The theme Howard chose for this Via Transformativa — 2015 — is Choices. For the last several Sundays, Howard has talked about various choices we have – receiving or grasping, faith or certainty, humility or shame, letting go or giving up. But the topic he assigned for this morning wasn’t a choice at all. It was just this: Infinite Possibility. Maybe that’s because we really have no choice about that. Infinite Possibility just is — above us, below us, inside of us, and all around us. The only choice we really have about Infinite Possibility is whether or not we reach for it.

As a person who likes to plan weeks, months, and sometimes even years in advance, I find the various passages about Jesus calling the first disciples rather fascinating. Some version of it shows up in all four of the Gospels, but the passages in Matthew and Mark are almost identical – and very short. Here it is again.

As he walked by the Sea of Galilee, he saw two brothers, Simon, who is called Peter, and Andrew his brother, casting a net into the sea – for they were fishermen. And he said to them, “Follow me, and I will make you fish for people.” Immediately they left their nets and followed him. As he went from there, he saw two other brothers, James son of Zebedee and his brother John, in the boat with their father Zebedee, mending their nets, and he called them. Immediately they left the boat and their father, and followed him. (Matthew 4:18-22)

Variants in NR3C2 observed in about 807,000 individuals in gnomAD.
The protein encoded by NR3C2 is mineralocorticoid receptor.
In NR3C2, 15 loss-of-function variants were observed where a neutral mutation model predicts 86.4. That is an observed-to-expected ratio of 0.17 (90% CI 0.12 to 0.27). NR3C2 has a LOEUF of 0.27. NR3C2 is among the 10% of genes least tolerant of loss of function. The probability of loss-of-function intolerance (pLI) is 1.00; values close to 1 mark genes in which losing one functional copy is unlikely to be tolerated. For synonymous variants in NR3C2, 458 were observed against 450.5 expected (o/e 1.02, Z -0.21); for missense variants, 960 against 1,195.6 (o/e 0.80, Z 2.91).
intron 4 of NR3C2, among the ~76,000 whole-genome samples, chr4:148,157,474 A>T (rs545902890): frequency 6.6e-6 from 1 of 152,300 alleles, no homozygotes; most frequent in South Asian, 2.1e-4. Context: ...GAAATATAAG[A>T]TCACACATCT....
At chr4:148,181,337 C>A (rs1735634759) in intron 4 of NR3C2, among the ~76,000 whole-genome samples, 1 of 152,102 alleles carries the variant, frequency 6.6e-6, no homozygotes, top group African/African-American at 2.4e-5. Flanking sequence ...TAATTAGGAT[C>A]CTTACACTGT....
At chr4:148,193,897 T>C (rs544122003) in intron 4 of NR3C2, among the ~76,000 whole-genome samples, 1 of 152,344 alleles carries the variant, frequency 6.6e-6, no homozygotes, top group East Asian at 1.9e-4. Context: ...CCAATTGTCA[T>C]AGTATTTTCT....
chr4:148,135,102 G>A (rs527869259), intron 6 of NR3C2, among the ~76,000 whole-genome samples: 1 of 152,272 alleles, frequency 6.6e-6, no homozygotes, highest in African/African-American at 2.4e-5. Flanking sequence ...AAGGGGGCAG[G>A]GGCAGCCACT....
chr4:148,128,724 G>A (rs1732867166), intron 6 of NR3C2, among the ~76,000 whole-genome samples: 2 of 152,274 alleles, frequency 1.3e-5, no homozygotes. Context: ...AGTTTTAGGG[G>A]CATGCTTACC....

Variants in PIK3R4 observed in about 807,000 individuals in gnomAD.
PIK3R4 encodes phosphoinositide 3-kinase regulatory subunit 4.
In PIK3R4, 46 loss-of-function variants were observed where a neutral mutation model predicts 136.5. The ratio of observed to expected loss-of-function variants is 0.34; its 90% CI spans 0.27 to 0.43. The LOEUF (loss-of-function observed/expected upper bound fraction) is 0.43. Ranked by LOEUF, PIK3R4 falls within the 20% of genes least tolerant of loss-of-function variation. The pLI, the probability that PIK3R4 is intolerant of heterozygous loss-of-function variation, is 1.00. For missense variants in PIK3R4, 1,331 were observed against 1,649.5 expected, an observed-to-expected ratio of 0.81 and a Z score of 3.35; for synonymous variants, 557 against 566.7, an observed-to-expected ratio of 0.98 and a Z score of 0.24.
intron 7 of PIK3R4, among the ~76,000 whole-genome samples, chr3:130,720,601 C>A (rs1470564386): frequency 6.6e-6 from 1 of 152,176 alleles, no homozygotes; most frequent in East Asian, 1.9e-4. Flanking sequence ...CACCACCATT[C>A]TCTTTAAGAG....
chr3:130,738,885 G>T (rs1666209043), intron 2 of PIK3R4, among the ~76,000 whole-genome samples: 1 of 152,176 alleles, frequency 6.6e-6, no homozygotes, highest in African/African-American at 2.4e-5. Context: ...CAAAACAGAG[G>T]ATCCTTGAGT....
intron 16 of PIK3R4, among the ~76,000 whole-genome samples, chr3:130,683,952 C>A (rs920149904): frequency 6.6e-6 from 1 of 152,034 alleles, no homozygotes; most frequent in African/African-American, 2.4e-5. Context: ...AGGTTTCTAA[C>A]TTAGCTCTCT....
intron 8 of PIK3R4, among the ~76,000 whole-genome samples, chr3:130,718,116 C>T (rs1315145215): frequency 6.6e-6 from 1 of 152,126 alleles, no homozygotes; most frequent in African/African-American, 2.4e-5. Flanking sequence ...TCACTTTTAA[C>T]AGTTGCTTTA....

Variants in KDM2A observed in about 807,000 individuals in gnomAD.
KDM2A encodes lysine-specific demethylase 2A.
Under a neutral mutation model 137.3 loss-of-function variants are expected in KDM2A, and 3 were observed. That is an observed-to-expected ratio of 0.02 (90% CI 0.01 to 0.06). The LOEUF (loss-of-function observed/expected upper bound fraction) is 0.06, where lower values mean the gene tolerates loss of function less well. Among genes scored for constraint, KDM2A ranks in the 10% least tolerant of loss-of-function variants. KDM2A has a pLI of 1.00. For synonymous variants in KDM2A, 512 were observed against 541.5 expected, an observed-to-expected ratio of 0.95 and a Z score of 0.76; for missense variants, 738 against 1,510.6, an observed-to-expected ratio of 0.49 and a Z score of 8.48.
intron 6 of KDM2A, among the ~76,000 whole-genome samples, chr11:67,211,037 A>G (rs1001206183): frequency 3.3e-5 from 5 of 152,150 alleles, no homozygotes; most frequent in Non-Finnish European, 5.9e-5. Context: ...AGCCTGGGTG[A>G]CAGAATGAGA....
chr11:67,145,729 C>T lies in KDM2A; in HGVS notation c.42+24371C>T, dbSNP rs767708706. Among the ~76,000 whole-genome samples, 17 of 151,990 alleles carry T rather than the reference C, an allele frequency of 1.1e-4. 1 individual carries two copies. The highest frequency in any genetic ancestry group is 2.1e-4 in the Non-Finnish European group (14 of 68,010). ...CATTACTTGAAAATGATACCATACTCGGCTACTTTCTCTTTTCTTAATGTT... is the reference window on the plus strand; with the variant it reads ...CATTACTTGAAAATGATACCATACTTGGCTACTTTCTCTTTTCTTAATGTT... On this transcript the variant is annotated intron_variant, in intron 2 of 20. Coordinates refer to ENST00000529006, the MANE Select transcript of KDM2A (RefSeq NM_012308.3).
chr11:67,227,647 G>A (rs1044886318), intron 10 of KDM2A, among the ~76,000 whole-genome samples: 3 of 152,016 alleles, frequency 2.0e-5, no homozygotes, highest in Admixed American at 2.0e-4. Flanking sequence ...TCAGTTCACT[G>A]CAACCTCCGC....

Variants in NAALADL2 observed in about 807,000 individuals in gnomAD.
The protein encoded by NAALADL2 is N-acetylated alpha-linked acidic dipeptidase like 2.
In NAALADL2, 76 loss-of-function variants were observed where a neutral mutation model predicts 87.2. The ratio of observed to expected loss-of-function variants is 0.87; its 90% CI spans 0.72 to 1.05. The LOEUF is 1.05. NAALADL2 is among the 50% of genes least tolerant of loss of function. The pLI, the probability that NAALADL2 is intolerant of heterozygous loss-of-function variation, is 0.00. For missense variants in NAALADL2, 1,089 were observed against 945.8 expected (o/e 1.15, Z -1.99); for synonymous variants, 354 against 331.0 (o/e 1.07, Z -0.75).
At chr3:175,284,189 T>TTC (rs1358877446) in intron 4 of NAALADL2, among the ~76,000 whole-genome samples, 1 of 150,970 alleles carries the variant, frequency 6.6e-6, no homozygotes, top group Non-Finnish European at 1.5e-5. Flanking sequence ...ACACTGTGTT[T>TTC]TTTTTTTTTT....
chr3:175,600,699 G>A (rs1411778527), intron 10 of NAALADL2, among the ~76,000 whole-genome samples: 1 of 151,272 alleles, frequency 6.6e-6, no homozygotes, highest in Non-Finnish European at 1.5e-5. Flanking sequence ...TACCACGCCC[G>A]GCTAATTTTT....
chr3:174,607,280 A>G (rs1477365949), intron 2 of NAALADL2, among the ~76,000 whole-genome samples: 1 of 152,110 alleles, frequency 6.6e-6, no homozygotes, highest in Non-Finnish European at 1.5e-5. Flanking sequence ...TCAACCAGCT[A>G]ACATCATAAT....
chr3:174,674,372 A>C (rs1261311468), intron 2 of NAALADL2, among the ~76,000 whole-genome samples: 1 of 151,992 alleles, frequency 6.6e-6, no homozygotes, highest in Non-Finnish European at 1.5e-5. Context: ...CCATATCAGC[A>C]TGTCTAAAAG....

Of course, we don’t know exactly what happened as Jesus gathered that motley band of preachers and healers that would eat with him, travel with him, and ultimately watch him die. But, based on this passage, we are given to understand that it happened “immediately” – a word that is used twice over the course of 5 sentences. Apparently, these guys didn’t feel the need to go home and pack a bag. They didn’t run to the nearest wi-fi café to update their resumes. They didn’t give two weeks’ notice. They dropped their nets and followed Jesus. They left their boat – and their father. In that moment, it was all about reaching for whatever came next. It was all about taking the first step on a journey of discovery. It was all about Infinite Possibility.